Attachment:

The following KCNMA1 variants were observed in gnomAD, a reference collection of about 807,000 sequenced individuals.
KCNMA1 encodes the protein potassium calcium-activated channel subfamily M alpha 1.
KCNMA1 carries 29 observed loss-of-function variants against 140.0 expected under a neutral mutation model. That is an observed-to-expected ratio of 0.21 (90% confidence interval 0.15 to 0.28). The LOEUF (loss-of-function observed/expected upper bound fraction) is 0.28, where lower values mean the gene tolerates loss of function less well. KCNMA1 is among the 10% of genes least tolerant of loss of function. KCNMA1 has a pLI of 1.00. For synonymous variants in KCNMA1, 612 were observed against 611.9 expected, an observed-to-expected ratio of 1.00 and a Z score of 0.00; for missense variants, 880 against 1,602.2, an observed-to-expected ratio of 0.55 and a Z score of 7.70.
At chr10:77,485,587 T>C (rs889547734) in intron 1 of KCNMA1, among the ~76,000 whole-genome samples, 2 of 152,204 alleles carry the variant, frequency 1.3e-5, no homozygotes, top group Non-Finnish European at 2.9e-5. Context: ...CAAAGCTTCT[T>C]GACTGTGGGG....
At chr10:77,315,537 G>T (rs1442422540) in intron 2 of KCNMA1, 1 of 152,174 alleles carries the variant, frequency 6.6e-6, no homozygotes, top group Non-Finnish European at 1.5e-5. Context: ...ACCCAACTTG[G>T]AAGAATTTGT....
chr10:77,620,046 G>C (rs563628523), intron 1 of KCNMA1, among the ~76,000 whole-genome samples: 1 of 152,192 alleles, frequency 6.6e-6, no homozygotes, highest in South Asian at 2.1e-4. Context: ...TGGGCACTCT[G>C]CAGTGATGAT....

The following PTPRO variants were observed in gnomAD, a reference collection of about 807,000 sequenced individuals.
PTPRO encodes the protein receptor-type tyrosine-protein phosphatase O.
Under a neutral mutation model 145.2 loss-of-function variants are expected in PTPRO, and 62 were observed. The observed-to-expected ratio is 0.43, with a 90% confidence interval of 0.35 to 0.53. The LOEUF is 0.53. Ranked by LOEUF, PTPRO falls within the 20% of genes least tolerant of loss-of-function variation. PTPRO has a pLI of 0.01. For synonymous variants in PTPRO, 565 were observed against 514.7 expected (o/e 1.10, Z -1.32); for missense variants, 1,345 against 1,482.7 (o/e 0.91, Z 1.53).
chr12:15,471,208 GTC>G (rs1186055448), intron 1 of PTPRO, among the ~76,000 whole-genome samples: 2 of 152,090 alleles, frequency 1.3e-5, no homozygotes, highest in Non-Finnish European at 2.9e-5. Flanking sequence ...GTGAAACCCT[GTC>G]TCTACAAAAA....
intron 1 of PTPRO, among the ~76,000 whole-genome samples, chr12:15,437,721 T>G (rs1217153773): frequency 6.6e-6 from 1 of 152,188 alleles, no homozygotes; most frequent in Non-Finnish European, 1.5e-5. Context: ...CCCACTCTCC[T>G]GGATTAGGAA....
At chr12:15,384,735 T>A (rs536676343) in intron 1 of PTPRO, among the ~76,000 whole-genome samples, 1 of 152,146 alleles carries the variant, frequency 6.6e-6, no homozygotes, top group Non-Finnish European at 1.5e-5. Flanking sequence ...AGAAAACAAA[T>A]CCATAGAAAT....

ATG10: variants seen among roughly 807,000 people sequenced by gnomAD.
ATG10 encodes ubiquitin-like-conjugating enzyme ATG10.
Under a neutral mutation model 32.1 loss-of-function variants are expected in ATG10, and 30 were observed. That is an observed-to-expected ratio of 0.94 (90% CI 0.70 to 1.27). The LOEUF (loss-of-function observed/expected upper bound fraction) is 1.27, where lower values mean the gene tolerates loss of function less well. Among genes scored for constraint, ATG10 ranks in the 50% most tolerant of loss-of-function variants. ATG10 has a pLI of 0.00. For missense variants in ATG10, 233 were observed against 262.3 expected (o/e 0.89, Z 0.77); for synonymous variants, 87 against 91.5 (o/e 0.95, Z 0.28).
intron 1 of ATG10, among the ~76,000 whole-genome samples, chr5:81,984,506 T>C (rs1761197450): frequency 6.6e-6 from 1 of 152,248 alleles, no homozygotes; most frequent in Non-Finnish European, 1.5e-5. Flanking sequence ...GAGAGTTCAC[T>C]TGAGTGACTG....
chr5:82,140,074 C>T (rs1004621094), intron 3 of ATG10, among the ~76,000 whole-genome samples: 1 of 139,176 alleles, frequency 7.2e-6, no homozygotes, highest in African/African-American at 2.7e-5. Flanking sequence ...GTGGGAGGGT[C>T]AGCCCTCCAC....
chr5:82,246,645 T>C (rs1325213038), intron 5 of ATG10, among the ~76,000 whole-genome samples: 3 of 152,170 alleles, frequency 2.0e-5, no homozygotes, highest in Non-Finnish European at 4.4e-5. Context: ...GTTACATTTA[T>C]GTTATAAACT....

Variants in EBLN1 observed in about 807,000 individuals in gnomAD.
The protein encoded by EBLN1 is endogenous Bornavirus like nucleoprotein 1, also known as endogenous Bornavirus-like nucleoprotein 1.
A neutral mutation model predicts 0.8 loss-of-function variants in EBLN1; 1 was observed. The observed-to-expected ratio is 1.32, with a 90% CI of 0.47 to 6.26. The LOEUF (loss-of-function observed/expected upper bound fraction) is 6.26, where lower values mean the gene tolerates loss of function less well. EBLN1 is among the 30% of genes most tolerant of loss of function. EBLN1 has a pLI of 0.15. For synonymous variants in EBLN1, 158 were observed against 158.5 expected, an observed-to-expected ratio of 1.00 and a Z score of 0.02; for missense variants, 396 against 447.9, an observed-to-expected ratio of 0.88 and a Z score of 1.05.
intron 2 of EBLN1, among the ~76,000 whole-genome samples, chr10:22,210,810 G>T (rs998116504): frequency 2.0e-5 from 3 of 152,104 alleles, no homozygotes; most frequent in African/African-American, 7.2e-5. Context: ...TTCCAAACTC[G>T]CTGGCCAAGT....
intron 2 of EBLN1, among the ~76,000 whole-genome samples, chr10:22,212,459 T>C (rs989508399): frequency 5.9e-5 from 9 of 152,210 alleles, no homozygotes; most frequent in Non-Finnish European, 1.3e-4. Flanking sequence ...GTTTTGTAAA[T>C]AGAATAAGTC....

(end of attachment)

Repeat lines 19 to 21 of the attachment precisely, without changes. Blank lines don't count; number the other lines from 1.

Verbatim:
Variants in EBLN1 observed in about 807,000 individuals in gnomAD.
The protein encoded by EBLN1 is endogenous Bornavirus like nucleoprotein 1, also known as endogenous Bornavirus-like nucleoprotein 1.
A neutral mutation model predicts 0.8 loss-of-function variants in EBLN1; 1 was observed. The observed-to-expected ratio is 1.32, with a 90% CI of 0.47 to 6.26. The LOEUF (loss-of-function observed/expected upper bound fraction) is 6.26, where lower values mean the gene tolerates loss of function less well. EBLN1 is among the 30% of genes most tolerant of loss of function. EBLN1 has a pLI of 0.15. For synonymous variants in EBLN1, 158 were observed against 158.5 expected, an observed-to-expected ratio of 1.00 and a Z score of 0.02; for missense variants, 396 against 447.9, an observed-to-expected ratio of 0.88 and a Z score of 1.05.